“The one great thing about where we’re at right now, obviously we have the depth so we’re not fatigued. The only two guys on our team who should have any reason to be fatigued should be Jared and Bryce, because they’ve played—throughout the season they’ve played heavy minutes. The rest of the guys have all played the kind of minutes that they could handle. There are no freshmen out there who are going to be experiencing any kind of fatigue because it’s a long year. We have unfinished business. We’re still working. I don’t think we’re tired. I do think now guys understand what their strengths are, understand what their weaknesses are, going to their strengths, staying away from their weaknesses for the most part. If we continue to do that, we have a chance. If somebody decides that they’re going to go out there and try to be somebody that they’re not at this time of the year, that’s going to compromise our ability to advance, and the players know that. Whether that happens, trust me, it can happen, because I want them to be aggressive—but that’s kind of why we’re playing better basketball right now. I think our guys trust each other and rely on each other, and they know what to do and what to stay away from.”
Roy Williams have a team this perimeter-oriented before?...
“Um, I mean, he’s always had an All-American center that you could throw it in to, but Luke Maye is still a guy you could throw it into. Garrison will still do a great job on the offensive glass and finish around the basket and get fouled. He’s got some younger guys that could really play inside, but look, every coach’s job is to play his best players, so when Garrison starts he plays a great role for them, but when he’s not in there, they go smaller. When they go smaller, Luke Maye moves to the center at 6-8, Nassir Little comes in at 6-7 but he plays very—if Zion wasn’t at Duke, they’d be talking a lot more about Nassir Little at North Carolina. Nassir was the MVP of the same McDonald’s All-American game that Zion was in. I don’t know if Zion played in it but clearly was in the game. Nassir was the MVP of the McDonald’s game. (Cam Johnson is) 6-9 at the three-spot, 6-5 at two and 6-4 at the point. That’s their small lineup. So, but they obviously shoot it well from the foul line; they get there a lot. They shoot it well form the 3 and they get it inside and outside.”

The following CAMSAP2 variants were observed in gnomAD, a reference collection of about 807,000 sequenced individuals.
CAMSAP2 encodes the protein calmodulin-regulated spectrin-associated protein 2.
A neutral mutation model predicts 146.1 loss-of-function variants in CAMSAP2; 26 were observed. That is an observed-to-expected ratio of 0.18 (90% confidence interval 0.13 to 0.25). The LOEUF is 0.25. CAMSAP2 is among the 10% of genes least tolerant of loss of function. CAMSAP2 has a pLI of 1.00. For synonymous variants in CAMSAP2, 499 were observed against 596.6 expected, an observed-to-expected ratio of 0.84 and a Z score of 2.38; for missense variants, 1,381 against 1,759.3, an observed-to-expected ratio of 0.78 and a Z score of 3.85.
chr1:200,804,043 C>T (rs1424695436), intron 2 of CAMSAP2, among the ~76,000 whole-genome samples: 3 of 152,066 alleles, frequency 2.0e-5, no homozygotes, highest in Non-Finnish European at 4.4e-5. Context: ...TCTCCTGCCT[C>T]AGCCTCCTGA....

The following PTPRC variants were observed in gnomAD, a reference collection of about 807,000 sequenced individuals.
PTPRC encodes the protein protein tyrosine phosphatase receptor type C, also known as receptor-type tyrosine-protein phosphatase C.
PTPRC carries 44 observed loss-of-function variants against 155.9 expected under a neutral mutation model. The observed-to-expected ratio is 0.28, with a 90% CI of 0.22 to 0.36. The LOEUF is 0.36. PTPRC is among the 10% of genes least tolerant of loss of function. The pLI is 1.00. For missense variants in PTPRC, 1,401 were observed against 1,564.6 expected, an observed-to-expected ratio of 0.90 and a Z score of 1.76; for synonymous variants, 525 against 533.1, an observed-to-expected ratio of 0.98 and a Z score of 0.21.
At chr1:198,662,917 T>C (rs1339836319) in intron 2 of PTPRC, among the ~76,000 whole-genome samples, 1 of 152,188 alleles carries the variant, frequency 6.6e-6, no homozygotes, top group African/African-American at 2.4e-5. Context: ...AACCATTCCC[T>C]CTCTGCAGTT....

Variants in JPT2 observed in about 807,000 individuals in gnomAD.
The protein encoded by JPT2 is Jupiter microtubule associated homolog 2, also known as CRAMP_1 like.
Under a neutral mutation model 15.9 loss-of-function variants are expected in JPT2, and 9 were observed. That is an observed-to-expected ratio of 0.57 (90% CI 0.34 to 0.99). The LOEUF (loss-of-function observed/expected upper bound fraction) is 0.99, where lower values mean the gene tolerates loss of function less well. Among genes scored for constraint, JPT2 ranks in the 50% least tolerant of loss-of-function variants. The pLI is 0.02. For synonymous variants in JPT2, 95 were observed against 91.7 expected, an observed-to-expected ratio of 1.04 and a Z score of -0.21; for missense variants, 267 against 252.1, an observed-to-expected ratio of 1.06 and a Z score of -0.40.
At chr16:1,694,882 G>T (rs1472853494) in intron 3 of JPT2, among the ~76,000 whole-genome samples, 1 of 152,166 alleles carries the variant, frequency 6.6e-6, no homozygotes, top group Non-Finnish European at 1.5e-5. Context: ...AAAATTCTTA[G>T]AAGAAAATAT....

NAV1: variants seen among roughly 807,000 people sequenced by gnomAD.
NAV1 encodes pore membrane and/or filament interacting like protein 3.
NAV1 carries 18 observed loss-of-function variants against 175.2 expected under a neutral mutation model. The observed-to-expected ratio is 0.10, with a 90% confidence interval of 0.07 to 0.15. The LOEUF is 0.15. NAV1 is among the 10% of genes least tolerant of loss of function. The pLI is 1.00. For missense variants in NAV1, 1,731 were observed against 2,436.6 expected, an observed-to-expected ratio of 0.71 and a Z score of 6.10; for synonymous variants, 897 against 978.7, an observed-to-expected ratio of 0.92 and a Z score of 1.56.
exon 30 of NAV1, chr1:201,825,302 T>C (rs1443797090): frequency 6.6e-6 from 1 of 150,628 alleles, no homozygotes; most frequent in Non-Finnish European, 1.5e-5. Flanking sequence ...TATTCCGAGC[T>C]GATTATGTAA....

Height difference is a big factor?...
“Yeah, I think I would say it’s more or as much on the perimeter as it is the rim. I would say at the rim, the one thing they don’t have is an elite shot-blocker. I think they cans core inside fine, but they’ve got elite shot-contesters. I mean, there will be a different—that hand is going to come up earlier and it’s going to stay up longer against this team because their length.”